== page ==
The right of an employer to conduct lie detector tests is controlled by the federal Employee Polygraph Protection Act of 1988 (“EPPA”) and by the California Labor Code. Since the EPPA generally imposes greater obligations on employers seeking to engage in polygraph testing than the California Labor Code, this Newsletter shall focus exclusively on the EPPA rules.

The EPPA makes it unlawful for an employer to require, request, or suggest that any job applicant or employee submit to a lie detector test. However, security guards, employees with direct access to controlled substances, and employees of federal, state, and local governments, are exempt from the EPPA, and are subject to pre-employment polygraph testing. An employer may not discharge, discipline, discriminate against, or deny employment opportunities to, or threaten any job applicant or employee who refuses to take a lie detector test.

The EPPA permits an employer to use a polygraph test only when investigating a specific incident of theft, embezzlement, misappropriation or unlawful industrial espionage. Thus random polygraph testing is not permitted to investigate a generalized loss of inventory.

Before an employee is selected for testing, the employer must show that the employee had access to the missing property, and that it has reason to believe the employee was involved in the incident. After selection of the employee for testing, the employer must give the employee a statement listing specific information about the loss and the specific basis for its belief that the employee was involved in the incident.

An employee who is requested to take a polygraph test in connection with an investigation has the right to refuse to submit to the examination, and such refusal, by itself, may not be used against the employee. Once the polygraph test starts, the employee may terminate the test at any time.

If the employee agrees to submit to the polygraph test, the employee must be given reasonable notice of the date, time, and location of the test, and must also be informed of the right to consult with legal counsel before taking the test. Furthermore, the employee must be given the opportunity to review all questions to be asked before the test is given. The EPPA prohibits questions about the employee’s religious beliefs or affiliations, any matters related to sexual behavior, or union activities or opinions. The employee must also be advised as to whether a two-way mirror, camera,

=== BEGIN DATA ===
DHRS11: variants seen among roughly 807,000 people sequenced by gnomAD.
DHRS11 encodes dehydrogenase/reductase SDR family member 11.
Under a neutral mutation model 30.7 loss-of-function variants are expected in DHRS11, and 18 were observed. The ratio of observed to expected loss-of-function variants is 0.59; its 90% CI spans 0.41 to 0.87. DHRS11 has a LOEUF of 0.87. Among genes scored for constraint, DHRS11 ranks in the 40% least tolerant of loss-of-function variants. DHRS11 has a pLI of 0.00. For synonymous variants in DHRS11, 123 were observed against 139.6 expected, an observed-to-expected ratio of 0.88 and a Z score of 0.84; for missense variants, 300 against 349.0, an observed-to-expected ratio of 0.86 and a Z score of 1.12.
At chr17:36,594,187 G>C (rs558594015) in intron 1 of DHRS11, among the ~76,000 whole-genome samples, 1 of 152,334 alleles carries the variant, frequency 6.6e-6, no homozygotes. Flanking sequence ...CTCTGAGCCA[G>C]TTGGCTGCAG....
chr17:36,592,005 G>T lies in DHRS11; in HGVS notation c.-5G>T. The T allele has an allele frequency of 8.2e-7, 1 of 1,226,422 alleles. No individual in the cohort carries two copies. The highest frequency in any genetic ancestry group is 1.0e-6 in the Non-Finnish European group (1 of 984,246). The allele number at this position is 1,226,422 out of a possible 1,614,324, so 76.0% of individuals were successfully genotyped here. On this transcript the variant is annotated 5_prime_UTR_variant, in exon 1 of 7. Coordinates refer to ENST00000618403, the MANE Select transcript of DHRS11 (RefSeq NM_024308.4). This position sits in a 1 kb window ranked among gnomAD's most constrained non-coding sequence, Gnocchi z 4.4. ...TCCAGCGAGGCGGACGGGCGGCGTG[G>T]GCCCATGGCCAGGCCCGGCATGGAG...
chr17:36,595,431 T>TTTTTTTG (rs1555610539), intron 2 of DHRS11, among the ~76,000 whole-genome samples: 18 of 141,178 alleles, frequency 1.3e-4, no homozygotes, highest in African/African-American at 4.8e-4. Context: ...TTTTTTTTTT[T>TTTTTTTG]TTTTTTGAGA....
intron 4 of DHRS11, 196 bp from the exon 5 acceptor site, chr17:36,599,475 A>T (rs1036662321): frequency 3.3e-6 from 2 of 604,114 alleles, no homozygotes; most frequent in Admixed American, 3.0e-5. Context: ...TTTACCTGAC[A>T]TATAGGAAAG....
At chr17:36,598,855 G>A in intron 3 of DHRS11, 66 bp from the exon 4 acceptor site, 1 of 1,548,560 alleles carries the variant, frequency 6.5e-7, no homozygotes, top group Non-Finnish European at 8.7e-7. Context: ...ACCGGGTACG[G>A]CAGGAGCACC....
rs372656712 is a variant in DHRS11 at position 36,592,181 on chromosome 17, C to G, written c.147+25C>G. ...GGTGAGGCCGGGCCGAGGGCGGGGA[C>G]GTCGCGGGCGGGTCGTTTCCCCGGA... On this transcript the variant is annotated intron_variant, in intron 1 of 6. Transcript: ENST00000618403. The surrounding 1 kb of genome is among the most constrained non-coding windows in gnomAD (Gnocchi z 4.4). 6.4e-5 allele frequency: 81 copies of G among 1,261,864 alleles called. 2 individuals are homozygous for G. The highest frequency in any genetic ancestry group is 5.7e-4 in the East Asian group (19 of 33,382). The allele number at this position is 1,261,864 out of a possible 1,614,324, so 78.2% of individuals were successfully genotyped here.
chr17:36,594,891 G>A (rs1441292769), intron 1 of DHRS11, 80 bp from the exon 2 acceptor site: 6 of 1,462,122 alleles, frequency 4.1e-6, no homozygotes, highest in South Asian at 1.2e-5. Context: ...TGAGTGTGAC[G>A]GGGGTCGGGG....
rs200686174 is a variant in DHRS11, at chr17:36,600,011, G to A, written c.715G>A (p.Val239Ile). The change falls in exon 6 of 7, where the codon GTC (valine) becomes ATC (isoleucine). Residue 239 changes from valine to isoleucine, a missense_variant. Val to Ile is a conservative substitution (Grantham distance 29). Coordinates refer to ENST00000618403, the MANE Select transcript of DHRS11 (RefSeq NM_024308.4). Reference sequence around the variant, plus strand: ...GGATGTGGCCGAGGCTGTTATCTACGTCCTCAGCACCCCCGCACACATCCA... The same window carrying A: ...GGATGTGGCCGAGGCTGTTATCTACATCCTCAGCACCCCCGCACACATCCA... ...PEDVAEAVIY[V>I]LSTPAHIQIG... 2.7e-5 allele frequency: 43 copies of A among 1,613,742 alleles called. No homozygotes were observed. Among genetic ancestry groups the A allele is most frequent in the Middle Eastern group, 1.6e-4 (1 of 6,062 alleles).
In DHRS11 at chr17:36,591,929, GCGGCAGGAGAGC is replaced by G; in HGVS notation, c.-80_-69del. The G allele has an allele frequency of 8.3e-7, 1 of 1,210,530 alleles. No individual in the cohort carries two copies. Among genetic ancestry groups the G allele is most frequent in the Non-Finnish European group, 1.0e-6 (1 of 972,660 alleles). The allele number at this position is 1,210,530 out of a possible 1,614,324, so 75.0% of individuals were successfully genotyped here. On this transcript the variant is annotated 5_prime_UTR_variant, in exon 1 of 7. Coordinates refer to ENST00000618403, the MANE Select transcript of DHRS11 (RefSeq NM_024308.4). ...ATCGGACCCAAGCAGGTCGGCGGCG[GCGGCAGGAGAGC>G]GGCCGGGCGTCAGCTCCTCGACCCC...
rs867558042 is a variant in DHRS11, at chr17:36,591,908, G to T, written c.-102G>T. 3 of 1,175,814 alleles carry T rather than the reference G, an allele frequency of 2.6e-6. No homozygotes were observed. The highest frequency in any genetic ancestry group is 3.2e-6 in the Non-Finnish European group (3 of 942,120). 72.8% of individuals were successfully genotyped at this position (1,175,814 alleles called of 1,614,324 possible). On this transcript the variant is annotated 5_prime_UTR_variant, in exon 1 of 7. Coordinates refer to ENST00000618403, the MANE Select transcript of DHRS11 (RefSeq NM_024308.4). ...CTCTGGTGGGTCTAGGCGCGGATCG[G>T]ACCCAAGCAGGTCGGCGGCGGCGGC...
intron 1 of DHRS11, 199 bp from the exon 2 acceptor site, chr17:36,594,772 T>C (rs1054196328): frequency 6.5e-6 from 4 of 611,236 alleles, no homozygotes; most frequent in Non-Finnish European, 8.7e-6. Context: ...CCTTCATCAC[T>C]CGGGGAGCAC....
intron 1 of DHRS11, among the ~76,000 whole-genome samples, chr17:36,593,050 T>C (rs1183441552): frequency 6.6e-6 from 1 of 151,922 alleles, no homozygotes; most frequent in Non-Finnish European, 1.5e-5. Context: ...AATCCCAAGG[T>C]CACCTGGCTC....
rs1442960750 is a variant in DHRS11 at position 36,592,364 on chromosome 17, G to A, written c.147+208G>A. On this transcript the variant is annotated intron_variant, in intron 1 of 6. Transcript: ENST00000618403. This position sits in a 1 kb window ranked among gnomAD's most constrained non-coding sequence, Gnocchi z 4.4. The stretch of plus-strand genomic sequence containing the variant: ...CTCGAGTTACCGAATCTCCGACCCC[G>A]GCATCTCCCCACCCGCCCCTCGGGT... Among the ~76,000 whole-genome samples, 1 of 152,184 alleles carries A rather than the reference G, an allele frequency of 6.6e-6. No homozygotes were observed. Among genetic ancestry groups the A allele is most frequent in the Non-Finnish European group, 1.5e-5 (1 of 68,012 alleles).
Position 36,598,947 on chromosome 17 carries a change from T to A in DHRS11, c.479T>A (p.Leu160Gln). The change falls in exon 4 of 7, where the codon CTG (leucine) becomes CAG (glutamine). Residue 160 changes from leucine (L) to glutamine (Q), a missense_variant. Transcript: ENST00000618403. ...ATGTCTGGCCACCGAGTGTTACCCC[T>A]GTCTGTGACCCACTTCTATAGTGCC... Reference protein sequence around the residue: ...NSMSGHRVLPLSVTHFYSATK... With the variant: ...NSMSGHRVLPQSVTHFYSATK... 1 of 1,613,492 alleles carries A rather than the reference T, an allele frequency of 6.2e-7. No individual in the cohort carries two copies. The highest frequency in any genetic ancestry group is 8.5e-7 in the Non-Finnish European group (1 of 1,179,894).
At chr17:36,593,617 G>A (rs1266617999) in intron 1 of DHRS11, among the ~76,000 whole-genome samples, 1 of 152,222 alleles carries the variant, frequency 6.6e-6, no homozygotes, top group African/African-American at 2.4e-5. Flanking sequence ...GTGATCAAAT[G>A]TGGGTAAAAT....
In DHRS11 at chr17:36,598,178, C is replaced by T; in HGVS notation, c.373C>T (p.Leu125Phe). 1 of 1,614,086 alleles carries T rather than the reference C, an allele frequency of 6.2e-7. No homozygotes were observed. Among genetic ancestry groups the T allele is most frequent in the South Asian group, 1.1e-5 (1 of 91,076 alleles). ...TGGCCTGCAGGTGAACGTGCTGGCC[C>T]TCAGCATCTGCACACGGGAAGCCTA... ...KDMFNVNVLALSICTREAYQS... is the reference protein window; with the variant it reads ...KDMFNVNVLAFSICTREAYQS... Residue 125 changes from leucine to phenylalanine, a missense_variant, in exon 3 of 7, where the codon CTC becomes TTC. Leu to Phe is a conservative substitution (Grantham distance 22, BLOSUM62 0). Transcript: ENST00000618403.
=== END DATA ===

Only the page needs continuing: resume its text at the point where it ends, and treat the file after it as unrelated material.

or other device which permits the test to be observed will be used, and whether the employer or the employee may make a recording of the test.

Finally, the employee must sign a written notice stating:
(a) that the employee cannot be required to take the test as a condition of employment;
(b) that any statement made during the test may constitute additional evidence for the purpose of an adverse
employment action;
(c) the employee’s legal rights and remedies if the test is not conducted in accordance with the EPPA;
(d) that the employee had the opportunity to review all questions to be asked on the test and was informed of the right
to terminate the test at any time. The written notice is also required to be read to the

An employee cannot be discharged solely because of the results of the polygraph test. The employer must look to other independent supporting evidence, such as prior employment experience, job performance, or any statements or admissions by the employee.

The EPPA is enforced by the Secretary of Labor and by the right of the employee or prospective employee to sue the employer for damages. The Secretary of Labor may assess a penalty of $10,000 for each violation of the EPPA, and may seek reinstatement, promotion, and the payment of lost wages and benefits to the employee.

This complimentary newsletter is intended to provide general information. Because of the complexities and constant changes in the law, it is important to seek professional advice before acting on any of the matters covered herein.